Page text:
Used Jaguar XF Sportbrake long-term test review
Jaguar’s luxurious load-lugger has just been facelifted. However, we’ve acquired a used example to see whether its pleasures can be enjoyed on a budget...
The car Jaguar XF Sportbrake R-Sport 2.0i 300PS petrol AWD Run by Alastair Clements, special contributor
Why it’s here There are some great deals to be had on nearly new XFs, with the facelifted model just around the corner. How does it stack up as a used buy?
Needs to Offer driver appeal and practicality in equal measure, as it juggles the dual roles of executive express and family hauler
Mileage 8020 List price new (2018) £47,415 Price new with options £55,315 Value now £21,406 Test economy 22.8mpg Official economy 28.9mpg (WLTP)
21 February 2021 – Dashing through the snow
It’s been a while since Jaguar dined at the top table of motorsport, yet the brand remains synonymous with racing success and its road cars, while clearly large and luxurious, are in most cases at or near the top of their respective classes dynamically.
Unfortunately, conditions – both climatic and due to the pandemic – have prevented me from enjoying the XF Sportbrake’s dynamic qualities to the full. I’d dearly love a bit of time on a track to explore its limits, but recently I did at least get to lap one of the UK’s most famous race circuits, albeit at less than 10mph.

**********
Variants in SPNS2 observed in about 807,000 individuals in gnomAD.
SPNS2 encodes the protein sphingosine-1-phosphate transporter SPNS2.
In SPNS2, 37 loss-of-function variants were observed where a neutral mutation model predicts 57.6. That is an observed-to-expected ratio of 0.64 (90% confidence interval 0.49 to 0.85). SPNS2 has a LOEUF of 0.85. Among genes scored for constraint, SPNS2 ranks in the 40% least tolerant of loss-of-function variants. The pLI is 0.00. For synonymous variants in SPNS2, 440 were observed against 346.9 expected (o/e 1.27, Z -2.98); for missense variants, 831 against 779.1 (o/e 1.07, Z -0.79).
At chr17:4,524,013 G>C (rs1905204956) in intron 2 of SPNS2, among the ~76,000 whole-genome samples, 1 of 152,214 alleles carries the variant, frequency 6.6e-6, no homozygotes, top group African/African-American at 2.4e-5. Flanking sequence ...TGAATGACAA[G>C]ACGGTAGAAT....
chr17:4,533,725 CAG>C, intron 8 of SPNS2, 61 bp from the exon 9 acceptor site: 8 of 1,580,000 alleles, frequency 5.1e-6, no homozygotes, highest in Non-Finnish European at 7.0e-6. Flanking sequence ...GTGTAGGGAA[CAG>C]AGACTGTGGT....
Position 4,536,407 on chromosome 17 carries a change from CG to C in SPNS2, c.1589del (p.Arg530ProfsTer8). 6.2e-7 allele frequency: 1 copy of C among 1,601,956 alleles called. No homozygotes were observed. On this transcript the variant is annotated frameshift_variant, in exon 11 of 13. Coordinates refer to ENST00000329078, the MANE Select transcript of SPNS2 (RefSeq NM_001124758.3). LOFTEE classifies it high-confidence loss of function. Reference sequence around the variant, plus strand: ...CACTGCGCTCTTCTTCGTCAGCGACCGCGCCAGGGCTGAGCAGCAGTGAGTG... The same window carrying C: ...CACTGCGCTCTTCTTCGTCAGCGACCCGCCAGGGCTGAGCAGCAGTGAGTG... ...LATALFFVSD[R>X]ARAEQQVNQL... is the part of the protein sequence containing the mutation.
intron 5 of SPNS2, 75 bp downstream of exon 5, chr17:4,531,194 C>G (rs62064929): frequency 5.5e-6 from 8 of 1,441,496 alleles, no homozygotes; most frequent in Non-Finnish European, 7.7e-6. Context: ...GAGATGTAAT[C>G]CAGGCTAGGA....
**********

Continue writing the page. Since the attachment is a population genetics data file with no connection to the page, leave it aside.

In a clever piece of coronavirus-safe Christmas planning, Silverstone race circuit put on a brilliant event called ‘Lap Land’, for which it created an amazing light show that you could drive through in your car, on the hallowed Tarmac of the Grand Prix circuit.
Not only was it a great evening out for me and daughter Niamh – even if it was frustrating to have to trickle around the track at tickover – but also a good excuse for a motorway blast to Northamptonshire and back. Here the Jaguar is in its element, the ride comfortable without being wallowy, the seats brilliant despite their lack of adjustable lumbar support. The only challenge is keeping within the speed limit, such is the XF’s potency and serenity at speed.
Around town it can be a bit less serene. My car is a four-wheel-drive model and you really feel the embodied energy when you put your foot down; for example, the car can 'snatch' when pulling away with steering lock on. The gearbox whines like that of a classic car when it’s cold, too.
A more recent, particularly chilly snap, however, underlined the value of having all four wheels driven. During a sustained period of snowfall, the Jaguar felt surefooted and confident, cruising past a stranded rear-drive BMW and negotiating a roundabout that had claimed three Mercedes so far that day.
With the JaguarDrive control set to ‘Rain Ice Snow’ the engine’s power was kept in check and there was barely any wheelspin, making the car feel totally safe when we had to venture out. Toasty warm, too: the heated steering wheel and seats (part of the cold climate pack) are a godsend – and the children are particularly pleased that they get chair-warmers in the back as well.
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